2. While holding this position, gradually extend your left leg up behind you as shown below.

Spine straightening exercise on gym ball

3. Hold for a couple of seconds, then alternate to the opposite limbs. Repeat this alternating movement back and forth between right and left.

Interested in completing a full treatment course at the Scoliosis SOS Clinic? To book your consultation or request more information, please contact us today.

Exercise after Scoliosis Surgery

In a particularly severe case of scoliosis, surgery may be the only way to prevent the patient's spinal curvature from continuing to get worse. Spinal fusion surgery, while generally effective, is a major operation from which it typically takes months to fully recover.

After undergoing this type of surgery, it is often necessary to make some lifestyle changes in order to minimise your recovery time. For instance, bending, lifting and twisting should all be avoided in the weeks immediately following a spinal fusion procedure, as your spine and incision will need time to heal.

Later in the recovery process, you can start to consider your regular exercise routine. Many patients who undergo scoliosis surgery are able to maintain their usual lifestyle after the operation, but changes do sometimes need to be made to reduce pressure on the spinal area.

Can you exercise after scoliosis surgery?

Yes, you can, although the more important question is how long you ought to wait before exercising again. As mentioned above, heavy lifting, bending and twisting are all strictly off-limits to begin with; indeed, intense exercise of any sort is best avoided at this point. However, low-impact exercises - such as walking and swimming - will benefit both your health and the ongoing fusion process.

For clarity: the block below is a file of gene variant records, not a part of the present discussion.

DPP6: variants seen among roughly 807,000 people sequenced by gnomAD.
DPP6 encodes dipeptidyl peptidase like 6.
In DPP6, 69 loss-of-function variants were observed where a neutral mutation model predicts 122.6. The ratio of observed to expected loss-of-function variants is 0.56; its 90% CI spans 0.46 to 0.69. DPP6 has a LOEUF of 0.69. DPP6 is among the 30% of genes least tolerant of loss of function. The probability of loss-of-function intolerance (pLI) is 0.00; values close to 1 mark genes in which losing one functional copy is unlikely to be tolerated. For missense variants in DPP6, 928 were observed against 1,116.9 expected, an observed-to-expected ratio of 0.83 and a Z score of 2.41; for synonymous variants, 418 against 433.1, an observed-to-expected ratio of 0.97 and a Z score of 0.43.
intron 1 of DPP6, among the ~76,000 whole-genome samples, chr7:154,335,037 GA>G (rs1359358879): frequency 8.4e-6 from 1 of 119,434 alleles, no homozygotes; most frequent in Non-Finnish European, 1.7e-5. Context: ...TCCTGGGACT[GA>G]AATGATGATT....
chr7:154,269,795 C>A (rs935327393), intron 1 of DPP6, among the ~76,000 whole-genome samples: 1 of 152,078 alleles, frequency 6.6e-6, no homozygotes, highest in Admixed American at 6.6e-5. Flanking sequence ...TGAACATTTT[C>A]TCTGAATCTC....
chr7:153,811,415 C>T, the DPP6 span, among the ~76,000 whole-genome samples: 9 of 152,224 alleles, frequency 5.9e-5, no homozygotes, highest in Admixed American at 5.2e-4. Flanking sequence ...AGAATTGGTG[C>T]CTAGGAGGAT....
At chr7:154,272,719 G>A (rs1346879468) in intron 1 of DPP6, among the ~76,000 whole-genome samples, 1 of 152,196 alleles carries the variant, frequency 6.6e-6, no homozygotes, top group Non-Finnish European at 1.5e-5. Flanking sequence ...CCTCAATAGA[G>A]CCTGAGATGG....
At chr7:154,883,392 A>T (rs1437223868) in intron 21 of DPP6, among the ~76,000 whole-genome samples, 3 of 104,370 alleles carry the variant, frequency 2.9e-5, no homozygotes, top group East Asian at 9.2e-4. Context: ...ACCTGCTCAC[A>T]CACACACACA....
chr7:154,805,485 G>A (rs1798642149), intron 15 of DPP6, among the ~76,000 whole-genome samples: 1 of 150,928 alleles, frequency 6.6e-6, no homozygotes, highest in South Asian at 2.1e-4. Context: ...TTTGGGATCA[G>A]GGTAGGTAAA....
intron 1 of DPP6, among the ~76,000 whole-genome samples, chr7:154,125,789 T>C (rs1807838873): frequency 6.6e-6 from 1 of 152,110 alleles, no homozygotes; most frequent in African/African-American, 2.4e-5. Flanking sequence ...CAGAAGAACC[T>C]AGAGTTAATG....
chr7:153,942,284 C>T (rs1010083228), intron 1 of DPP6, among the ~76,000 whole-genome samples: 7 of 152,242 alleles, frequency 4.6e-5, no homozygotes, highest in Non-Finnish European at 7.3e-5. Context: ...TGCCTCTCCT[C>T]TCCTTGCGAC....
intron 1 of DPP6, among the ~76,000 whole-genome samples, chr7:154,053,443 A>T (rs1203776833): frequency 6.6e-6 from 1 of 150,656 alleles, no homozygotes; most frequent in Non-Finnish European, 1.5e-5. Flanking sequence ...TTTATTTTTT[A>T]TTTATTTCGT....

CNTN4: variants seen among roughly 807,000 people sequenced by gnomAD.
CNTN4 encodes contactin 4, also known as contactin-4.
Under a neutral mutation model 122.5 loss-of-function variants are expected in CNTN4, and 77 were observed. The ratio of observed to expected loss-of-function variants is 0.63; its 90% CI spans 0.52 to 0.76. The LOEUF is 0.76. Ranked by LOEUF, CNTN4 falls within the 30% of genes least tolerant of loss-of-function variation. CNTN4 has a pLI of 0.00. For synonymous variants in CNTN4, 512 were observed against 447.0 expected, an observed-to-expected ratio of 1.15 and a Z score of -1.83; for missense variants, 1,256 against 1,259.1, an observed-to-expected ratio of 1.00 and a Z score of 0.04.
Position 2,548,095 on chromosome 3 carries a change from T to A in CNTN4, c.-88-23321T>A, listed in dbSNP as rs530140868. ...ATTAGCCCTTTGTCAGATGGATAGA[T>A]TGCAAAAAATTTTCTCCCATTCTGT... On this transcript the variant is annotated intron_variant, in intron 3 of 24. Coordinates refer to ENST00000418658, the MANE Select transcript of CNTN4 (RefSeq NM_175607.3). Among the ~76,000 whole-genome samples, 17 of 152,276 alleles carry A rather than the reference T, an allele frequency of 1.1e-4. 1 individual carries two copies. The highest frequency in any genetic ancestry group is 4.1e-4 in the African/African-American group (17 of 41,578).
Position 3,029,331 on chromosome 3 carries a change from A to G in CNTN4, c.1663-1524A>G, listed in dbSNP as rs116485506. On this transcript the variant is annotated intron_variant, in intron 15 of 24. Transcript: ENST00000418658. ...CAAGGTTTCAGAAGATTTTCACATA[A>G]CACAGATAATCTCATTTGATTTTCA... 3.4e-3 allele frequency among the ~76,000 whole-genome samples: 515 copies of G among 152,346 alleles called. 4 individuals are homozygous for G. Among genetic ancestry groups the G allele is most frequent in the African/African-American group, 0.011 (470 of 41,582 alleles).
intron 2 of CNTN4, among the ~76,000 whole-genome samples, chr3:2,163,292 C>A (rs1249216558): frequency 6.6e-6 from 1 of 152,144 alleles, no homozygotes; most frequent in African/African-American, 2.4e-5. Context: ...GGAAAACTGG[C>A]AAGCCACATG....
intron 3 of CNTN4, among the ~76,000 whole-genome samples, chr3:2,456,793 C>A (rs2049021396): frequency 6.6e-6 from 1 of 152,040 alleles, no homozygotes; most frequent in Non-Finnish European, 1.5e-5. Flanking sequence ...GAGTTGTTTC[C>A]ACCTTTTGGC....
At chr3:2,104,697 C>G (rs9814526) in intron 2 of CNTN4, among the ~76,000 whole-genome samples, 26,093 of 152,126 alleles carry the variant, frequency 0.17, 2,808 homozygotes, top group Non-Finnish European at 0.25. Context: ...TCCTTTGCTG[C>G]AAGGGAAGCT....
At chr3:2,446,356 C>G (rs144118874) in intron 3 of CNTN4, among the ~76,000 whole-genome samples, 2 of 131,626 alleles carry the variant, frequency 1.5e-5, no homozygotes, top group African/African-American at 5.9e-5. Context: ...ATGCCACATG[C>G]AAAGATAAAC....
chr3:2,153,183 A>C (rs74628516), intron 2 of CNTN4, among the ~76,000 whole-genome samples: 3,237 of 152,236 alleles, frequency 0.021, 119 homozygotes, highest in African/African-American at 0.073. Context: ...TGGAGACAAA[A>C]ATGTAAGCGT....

Before you can return to your usual sport and exercise habits, your skin will need to heal from the incision and your bones will need to fuse together again. This can take anywhere from 6-9 months. Your surgeon will be able to tell you when you're sufficiently healed, at which point you'll hopefully be able to ease back into more physically-demanding exercises and activities.

What exercises can you do after scoliosis surgery?

As a general rule, anything that puts too much pressure on your spine is best avoided after scoliosis surgery. Heavy weightlifting, high-impact sports like rugby, and exercises that involve your abs can all damage your spine again and should be removed from your exercise regime.

Exercises that involve flexion of the spine or neck, such as sit-ups and squats, can place pressure on the discs above and below the spinal fusion site. These should also be avoided as much as possible, although they can be replaced with more gentle stretching exercises.

It is best to swap high-intensity exercise for more frequent low-impact exercise after scoliosis surgery. Recommended post-surgery activities include:

  • Swimming
  • Gentle yoga
  • Bicycle rides
  • Elliptical machine training

In this way, you can still maintain an active lifestyle without fear of damaging your vertebrae, discs or spinal cord.

Here at the Scoliosis SOS Clinic, we believe that exercise is the best method for fighting spinal curvature. We treat both patients who are looking to avoid surgery and those who have already had a spinal fusion. Our non-surgical ScolioGold treatment courses combine stretches, exercises, and massages to reduce the angle of your spinal curve and improve your quality of life. Contact us now to arrange an initial consultation.

Worried that your scoliosis will prevent you from taking part in your favourite sport? Read about some of our sporty success stories here!